The ambitious, hard-to-ignore riffs continue on through Sacred & Wild and straight into a total lycan-like metamorphosis with Kreuzfeuer which hammers out a darker, vastly sinister sound. Even the vocals have a cimmerian shade to their sound. Cardinal Sin begins with the hymn-like anthemic sound before the blazing trail of riffs bursts in. The chorus stands out the most throughtout the duration of the song.

In The Name Of God (Deus Vult) is a true power metal anthem through and through and the best track on the album. With an impressive and infectiously poignant chorus and eventful musicianship, the song soars above the rest of the album. Nochnoi Dozor is painted with a shade of dusk from beginning to end, each riff and symphonic passage adding a fresh stroke of twilight-coloured paint to the lyrics and the music. A tragic wave of sound comes crashing down throughout Lust For Blood, mixing typical power metal elements with a murkier – if somewhat vampiric sounding – concept.

Extatum Et Oratum brings a far more grand and majestic ambiance with its presence as well as references to Greek mythos, Roman nobles and dead civilisations. The guitar segments give off an intense sound, whereas the symphonic elements still bring the tragic voices. Last Of The Living Dead is a truly haunting piece of work, making a strong use of Latin lyrics and chilling symphonies with icy guitar riffs. Some of the vocal passages are still sung in English, though the most power vocal sections are those sang in Latin. The wolf howls add an eerie aspect to the song as well, as do the church bells.

Preachers Of The Night shows another development in Powerwolf‘s sound. Each track tells its own tale, both musicially and lyrically, and each track weave together perfectly to tell an overall story as well – Though some tracks are more memorable than others. Preachers Of The Night is the pinnacle of Powerwolf‘s sound.

5/5

Nico Davidson

Powerwolf online:

http://powerwolf.net
http://facebook.com/powerwolfmetal

 

Serpent Omega – Self-Titled

Posted in CD, Metal with tags , , , , , , , , on 21st May 2013 by Nico Solheim-Davidson

Serpent Omega
Self-Titled
Released January 2013
Sludge-Doom Metal
Released via Mordgrimm Records

Formed in 2011, you would be forgiven for wondering exactly why you haven’t heard of Serpent Omega before and what they have to do with the revival of the sludge doom scene. Hailing from Sweden, a country with its roots deep in Black, Death and Doom Metal as well as all things Nordic, Serpent Omega carry the mantle of their musical and historical forefathers with pride and encourage others to worship the riff. It’s surprising that they’re a four piece considering the weight of the riffs and the thick foggy atmosphere produced by their sound and screeching vocals that lend a lot to what has come before, but at the same time is innovative and new.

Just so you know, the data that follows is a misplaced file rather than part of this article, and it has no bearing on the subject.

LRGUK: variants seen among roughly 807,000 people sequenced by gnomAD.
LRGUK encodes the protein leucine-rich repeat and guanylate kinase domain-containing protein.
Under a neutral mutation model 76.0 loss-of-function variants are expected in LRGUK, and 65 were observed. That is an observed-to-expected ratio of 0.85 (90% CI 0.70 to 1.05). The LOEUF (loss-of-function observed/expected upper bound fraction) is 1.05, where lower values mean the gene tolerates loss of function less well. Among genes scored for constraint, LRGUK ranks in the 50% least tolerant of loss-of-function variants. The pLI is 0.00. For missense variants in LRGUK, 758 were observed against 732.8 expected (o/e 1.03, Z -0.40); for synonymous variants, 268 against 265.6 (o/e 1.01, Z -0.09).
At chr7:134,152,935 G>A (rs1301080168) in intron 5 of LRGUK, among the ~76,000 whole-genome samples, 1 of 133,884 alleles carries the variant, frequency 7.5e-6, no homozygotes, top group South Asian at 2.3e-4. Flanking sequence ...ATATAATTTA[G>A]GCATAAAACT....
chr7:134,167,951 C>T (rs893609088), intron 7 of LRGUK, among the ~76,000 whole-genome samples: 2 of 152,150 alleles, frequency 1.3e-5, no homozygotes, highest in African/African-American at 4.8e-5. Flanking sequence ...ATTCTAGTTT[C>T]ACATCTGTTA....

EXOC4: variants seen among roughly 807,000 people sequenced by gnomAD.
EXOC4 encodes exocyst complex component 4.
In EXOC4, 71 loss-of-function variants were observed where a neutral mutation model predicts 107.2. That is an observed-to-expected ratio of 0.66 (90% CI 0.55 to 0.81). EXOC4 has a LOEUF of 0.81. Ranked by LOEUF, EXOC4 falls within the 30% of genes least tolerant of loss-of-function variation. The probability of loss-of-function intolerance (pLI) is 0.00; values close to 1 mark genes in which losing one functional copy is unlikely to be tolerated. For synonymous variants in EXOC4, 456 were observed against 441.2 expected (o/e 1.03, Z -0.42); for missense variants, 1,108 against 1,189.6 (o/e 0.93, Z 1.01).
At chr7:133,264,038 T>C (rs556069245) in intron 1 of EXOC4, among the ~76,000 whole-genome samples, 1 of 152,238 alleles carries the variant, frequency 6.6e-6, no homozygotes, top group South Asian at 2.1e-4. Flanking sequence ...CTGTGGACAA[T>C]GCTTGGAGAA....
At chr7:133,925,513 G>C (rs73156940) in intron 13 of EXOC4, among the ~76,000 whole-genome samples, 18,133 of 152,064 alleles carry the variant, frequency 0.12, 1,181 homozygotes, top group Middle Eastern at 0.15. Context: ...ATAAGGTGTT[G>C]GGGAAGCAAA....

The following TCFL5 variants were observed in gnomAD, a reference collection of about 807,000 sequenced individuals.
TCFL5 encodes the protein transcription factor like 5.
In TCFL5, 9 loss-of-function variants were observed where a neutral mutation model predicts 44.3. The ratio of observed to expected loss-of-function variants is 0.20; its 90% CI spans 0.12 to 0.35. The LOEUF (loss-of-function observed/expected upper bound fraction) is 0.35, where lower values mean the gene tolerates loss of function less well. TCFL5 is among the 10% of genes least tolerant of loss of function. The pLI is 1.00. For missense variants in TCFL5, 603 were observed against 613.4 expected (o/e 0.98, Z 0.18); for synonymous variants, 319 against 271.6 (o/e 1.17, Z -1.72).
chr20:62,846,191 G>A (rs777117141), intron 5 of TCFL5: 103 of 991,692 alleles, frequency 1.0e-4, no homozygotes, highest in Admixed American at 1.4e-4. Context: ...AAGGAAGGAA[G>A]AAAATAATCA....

Serpent Omega’s self-titled LP gives the Sludge Doom genre a breath of fresh air and offers plenty of riffs to bang your head to. The track Konflux is a classic example that resembles early Cathedral with its crunchy guitars and a bass that sounds more like an explosion. The vocals of the front woman Pia are refreshing and range from snarled and choked to ethereal and chant-like within the space of a song.

All elements combined provide an insight back into the bleak early 90’s, but they succeed where many have failed. There is variety in between tracks, and although they maintain that dusty and dirty atmosphere we crave from Doom, there are surprises in the form of blast beats, chanting and lead guitar patterns that any Death Metal guitarist would be proud of.

The production is honest and sounds distant. Pia for instance, sometimes sounds like she’s shouting from the bottom of a well, but that only adds to the crushing atmosphere of the album that gradually intensifies.

The track Smoke Ritual sounds like the bastard child of Entombed’s Wolverine Blues and Cathedral’s Forest of Equilibrium, and is full of riffs worthy of worship, but the sound is fresh and perhaps more accessible than the albums it is obviously influenced by. It certainly has the elements of groovy swinging riffs that Cathedral made their own, but it also has the biting attitude of Entombed and it is a winning combination.

Overall, Serpent Omega will appeal to those that desire to return to the doom scene of the early 90’s and although they will satisfy your sludgy cravings, they offer a modern twist on the genre.

4/5

Alex Cook

Serpent Omega online:

http://www.serpentomega.com/
https://www.facebook.com/serpentomega
http://serpentomega.bandcamp.com/